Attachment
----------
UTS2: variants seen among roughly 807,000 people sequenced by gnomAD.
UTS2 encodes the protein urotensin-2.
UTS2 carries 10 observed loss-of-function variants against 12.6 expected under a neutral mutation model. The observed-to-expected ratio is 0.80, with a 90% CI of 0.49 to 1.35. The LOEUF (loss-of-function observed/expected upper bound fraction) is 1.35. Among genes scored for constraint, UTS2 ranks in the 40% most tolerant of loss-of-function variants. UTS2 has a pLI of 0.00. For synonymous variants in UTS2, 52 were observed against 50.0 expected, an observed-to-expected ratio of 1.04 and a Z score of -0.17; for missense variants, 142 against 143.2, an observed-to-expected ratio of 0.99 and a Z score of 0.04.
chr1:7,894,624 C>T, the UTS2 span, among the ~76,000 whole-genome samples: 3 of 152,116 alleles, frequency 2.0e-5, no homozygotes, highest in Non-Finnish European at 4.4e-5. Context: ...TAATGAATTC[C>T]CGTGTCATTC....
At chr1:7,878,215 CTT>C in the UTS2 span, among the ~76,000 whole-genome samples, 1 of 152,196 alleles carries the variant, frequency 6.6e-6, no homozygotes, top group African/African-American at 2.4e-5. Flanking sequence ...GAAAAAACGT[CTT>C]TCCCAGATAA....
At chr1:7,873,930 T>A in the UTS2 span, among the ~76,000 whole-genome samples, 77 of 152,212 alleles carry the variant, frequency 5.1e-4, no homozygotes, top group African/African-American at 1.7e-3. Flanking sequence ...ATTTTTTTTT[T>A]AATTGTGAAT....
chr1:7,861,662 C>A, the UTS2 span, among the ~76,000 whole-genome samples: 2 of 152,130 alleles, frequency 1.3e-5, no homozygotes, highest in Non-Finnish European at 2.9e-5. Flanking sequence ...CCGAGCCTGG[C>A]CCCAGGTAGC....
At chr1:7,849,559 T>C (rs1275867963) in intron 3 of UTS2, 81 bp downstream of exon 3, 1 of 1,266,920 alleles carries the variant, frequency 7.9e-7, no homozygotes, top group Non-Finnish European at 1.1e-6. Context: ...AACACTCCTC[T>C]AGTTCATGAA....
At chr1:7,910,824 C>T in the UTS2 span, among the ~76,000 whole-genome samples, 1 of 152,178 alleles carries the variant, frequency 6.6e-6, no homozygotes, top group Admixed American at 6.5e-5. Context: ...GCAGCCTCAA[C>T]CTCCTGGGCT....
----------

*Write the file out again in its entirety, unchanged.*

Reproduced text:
UTS2: variants seen among roughly 807,000 people sequenced by gnomAD.
UTS2 encodes the protein urotensin-2.
UTS2 carries 10 observed loss-of-function variants against 12.6 expected under a neutral mutation model. The observed-to-expected ratio is 0.80, with a 90% CI of 0.49 to 1.35. The LOEUF (loss-of-function observed/expected upper bound fraction) is 1.35. Among genes scored for constraint, UTS2 ranks in the 40% most tolerant of loss-of-function variants. UTS2 has a pLI of 0.00. For synonymous variants in UTS2, 52 were observed against 50.0 expected, an observed-to-expected ratio of 1.04 and a Z score of -0.17; for missense variants, 142 against 143.2, an observed-to-expected ratio of 0.99 and a Z score of 0.04.
chr1:7,894,624 C>T, the UTS2 span, among the ~76,000 whole-genome samples: 3 of 152,116 alleles, frequency 2.0e-5, no homozygotes, highest in Non-Finnish European at 4.4e-5. Context: ...TAATGAATTC[C>T]CGTGTCATTC....
At chr1:7,878,215 CTT>C in the UTS2 span, among the ~76,000 whole-genome samples, 1 of 152,196 alleles carries the variant, frequency 6.6e-6, no homozygotes, top group African/African-American at 2.4e-5. Flanking sequence ...GAAAAAACGT[CTT>C]TCCCAGATAA....
At chr1:7,873,930 T>A in the UTS2 span, among the ~76,000 whole-genome samples, 77 of 152,212 alleles carry the variant, frequency 5.1e-4, no homozygotes, top group African/African-American at 1.7e-3. Flanking sequence ...ATTTTTTTTT[T>A]AATTGTGAAT....
chr1:7,861,662 C>A, the UTS2 span, among the ~76,000 whole-genome samples: 2 of 152,130 alleles, frequency 1.3e-5, no homozygotes, highest in Non-Finnish European at 2.9e-5. Flanking sequence ...CCGAGCCTGG[C>A]CCCAGGTAGC....
At chr1:7,849,559 T>C (rs1275867963) in intron 3 of UTS2, 81 bp downstream of exon 3, 1 of 1,266,920 alleles carries the variant, frequency 7.9e-7, no homozygotes, top group Non-Finnish European at 1.1e-6. Context: ...AACACTCCTC[T>C]AGTTCATGAA....
At chr1:7,910,824 C>T in the UTS2 span, among the ~76,000 whole-genome samples, 1 of 152,178 alleles carries the variant, frequency 6.6e-6, no homozygotes, top group Admixed American at 6.5e-5. Context: ...GCAGCCTCAA[C>T]CTCCTGGGCT....